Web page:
On the progress of the negotiation, Ogunyemi said it was too early for him to measure the progress but expressed optimism that the matter will be resolved.
He also said no target date had been set to end the current engagement with the federal government.
On his part, the Chairman of ASUU at the Federal University of Wukari in Taraba State, Professor Kidzu Oweh, told THISDAY that “we reliably gathered that the government is positively disposed to implementing UTAS proposed by ASUU but some merchants who have interest in IPPIS don’t want it to sail through.
“But ASUU and the federal government would continue negotiations next week to review the Memorandum of Action (MoA) on the implementation of the 2009 agreement signed by both parties.”
The Chairman of ASUU at the Bayero University, Kano (BUK), Professor Haruna Musa, also said IPPIS would not address the peculiarities of Nigerian academics.
“Ideally, IPPIS has encroached on university autonomy. That autonomy is threatened when someone will just sit in Abuja and determine your salary while the university governing council is our lawful employer; therefore, the IPPIS is against the principles of university autonomy.
“But the system we proposed is more flexible and can accommodate all the peculiarities of the Nigerian academics.
“Also, audit reports have shown that there are a lot of corrections in the IPPIS,” he added.
According to him, the two parties will resolve the issues to avoid plunging the university system in
to another crisis.
The ASUU at the Federal University, Oye Ekiti (FUOYE), however, insisted that its members would not enroll into the IPPIS.
The Vice Chairman of ASUU, FUOYE, Dr. Habibat Adubiaro, said the adoption of IPPIS would short-change many members and do a lot of disservice to the university education.
“The issues surrounding the IPPIS and UTAS as well as 2009 agreement are being handled together by our national body with the federal government and the directive given had been that we must resist IPPIS, by not registering for it.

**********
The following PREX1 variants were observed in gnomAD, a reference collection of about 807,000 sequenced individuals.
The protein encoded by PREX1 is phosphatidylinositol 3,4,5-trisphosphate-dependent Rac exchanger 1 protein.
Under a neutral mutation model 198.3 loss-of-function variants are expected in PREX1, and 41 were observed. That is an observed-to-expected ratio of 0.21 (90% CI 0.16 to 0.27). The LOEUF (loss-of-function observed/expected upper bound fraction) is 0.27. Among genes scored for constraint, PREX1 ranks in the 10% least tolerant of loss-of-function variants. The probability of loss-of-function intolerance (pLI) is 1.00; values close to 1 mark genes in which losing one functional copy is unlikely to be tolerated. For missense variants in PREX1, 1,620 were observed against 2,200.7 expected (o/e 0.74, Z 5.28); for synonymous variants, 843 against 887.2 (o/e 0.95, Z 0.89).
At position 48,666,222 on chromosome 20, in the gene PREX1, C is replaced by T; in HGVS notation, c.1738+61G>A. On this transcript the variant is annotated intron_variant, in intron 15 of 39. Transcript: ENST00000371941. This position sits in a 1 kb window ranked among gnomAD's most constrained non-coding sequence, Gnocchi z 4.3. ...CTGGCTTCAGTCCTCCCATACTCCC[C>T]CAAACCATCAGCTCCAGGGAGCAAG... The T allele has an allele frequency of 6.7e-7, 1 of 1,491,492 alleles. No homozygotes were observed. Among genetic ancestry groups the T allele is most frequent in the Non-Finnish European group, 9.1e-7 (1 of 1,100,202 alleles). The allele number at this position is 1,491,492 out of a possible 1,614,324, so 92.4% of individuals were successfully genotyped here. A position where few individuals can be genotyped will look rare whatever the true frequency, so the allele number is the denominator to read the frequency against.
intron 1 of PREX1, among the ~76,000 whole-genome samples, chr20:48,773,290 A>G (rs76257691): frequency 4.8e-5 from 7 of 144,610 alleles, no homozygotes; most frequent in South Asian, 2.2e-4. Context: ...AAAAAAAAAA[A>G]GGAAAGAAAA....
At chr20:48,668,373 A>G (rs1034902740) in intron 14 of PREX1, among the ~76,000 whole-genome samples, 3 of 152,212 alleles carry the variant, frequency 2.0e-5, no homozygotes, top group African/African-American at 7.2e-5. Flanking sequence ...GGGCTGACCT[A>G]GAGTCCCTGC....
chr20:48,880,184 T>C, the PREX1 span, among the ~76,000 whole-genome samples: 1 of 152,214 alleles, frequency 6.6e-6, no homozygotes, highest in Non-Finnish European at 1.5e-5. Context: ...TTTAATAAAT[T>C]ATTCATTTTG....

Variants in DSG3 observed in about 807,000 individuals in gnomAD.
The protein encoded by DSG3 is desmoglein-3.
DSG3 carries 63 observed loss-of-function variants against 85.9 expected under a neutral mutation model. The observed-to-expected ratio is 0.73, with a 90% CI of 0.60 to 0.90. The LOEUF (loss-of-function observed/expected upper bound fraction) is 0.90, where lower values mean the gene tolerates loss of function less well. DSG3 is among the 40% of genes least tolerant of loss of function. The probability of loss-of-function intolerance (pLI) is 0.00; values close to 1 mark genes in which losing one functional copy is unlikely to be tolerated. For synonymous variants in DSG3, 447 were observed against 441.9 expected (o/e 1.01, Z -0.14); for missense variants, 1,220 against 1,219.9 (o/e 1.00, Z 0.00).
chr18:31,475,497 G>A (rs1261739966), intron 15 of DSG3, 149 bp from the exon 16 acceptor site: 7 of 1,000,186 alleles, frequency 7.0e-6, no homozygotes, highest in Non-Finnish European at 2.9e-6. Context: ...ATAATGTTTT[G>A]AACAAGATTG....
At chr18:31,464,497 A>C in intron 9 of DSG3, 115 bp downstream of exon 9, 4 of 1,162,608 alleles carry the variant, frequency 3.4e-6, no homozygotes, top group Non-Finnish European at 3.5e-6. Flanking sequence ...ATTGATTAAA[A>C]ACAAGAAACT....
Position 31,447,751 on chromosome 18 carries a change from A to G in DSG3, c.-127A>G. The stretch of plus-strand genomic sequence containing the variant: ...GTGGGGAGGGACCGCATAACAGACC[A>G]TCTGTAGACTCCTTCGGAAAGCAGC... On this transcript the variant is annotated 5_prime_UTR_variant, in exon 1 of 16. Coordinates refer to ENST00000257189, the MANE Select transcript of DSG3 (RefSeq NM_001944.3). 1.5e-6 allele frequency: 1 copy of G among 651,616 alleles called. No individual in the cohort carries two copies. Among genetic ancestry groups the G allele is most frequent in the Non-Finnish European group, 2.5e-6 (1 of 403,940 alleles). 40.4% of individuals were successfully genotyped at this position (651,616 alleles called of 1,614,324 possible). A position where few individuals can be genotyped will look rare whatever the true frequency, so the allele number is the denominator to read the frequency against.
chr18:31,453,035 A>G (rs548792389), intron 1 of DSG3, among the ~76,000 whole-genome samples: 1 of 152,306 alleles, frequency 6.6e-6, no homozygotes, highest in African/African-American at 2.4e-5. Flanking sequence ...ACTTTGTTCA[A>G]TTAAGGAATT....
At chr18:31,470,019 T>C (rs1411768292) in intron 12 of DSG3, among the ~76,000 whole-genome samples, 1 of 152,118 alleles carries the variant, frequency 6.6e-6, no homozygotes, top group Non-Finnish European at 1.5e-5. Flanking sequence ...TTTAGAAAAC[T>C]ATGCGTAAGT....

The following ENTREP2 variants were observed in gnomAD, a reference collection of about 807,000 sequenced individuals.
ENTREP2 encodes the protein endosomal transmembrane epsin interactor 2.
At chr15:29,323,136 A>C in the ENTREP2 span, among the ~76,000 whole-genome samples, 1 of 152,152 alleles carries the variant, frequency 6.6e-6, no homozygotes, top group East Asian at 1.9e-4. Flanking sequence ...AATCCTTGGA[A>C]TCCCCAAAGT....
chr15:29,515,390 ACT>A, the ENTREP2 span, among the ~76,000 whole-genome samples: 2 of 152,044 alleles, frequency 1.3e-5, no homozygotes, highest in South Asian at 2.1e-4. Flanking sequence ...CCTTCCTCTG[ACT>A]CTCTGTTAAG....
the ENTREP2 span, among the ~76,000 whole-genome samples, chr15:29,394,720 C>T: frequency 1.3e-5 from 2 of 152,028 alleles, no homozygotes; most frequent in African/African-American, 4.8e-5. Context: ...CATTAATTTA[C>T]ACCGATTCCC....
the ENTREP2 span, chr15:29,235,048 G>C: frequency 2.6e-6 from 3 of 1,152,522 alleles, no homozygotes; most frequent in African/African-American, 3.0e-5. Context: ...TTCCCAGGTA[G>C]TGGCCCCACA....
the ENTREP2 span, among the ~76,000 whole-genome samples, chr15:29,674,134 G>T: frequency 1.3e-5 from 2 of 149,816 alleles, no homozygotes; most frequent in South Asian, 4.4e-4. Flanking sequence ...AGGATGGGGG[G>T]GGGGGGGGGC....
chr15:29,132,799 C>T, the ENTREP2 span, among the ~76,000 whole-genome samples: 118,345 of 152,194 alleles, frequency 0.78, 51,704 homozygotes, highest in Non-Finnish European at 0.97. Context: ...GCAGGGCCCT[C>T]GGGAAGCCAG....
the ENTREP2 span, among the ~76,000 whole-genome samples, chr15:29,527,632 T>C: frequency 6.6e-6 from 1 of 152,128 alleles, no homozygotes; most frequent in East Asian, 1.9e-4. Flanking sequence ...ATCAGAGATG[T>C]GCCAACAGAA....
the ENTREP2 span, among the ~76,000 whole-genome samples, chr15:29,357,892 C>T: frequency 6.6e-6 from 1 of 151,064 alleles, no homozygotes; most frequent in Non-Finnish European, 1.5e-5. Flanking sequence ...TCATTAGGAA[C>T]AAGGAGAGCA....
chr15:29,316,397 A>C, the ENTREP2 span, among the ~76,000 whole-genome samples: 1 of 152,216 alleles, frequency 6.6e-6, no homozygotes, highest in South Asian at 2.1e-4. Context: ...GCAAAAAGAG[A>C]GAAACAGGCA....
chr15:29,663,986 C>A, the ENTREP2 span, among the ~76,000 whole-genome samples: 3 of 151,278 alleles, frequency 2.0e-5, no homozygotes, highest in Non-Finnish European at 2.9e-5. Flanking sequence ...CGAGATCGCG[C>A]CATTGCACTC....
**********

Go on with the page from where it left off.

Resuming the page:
“The level we are in FUOYE is that ASUU members say no to IPPIS and on UTAS proposal we stand,” she said.
She discountenanced the widespread impression that a large number of ASUU members in FUOYE had registered for IPPIS as directed by the federal government.
“That impression was wrong. Less than eight per cent of our members registered for it. Recently, the national body of ASUU came to FUOYE and a very large number of our people attended the meeting convened.
“Those who registered for IPPIS were majorly staff who just got converted from non-teaching to teaching,” she stated.
Adubiaro added that ASUU has not foreclosed negotiations with the federal government, saying the ongoing talks with the federal Ministry of Education will resolve the issues.
THISDAY had reported that the Office of the Accountant General of the Federation (OAGF) was awaiting the approval of the Minister of Finance, Budget and National Planning, Mrs. Zainab Ahmed, to finally suspend the release of the funds for the payment of salaries of workers of tertiary institutions who have not enrolled on the IPPIS.
The Director of IPPIS at the OAGF, Mr. Olusegun Olufehinti, had in a recent correspondence to the minister, requested an approval to halt further release of funds for January salaries of the federal universities, polytechnics and colleges of education.
However, the university lecturers received their January salaries.
But a source at the OAGF had informed THISDAY that approval was still being awaited from Ahmed before the stoppage could be implemented.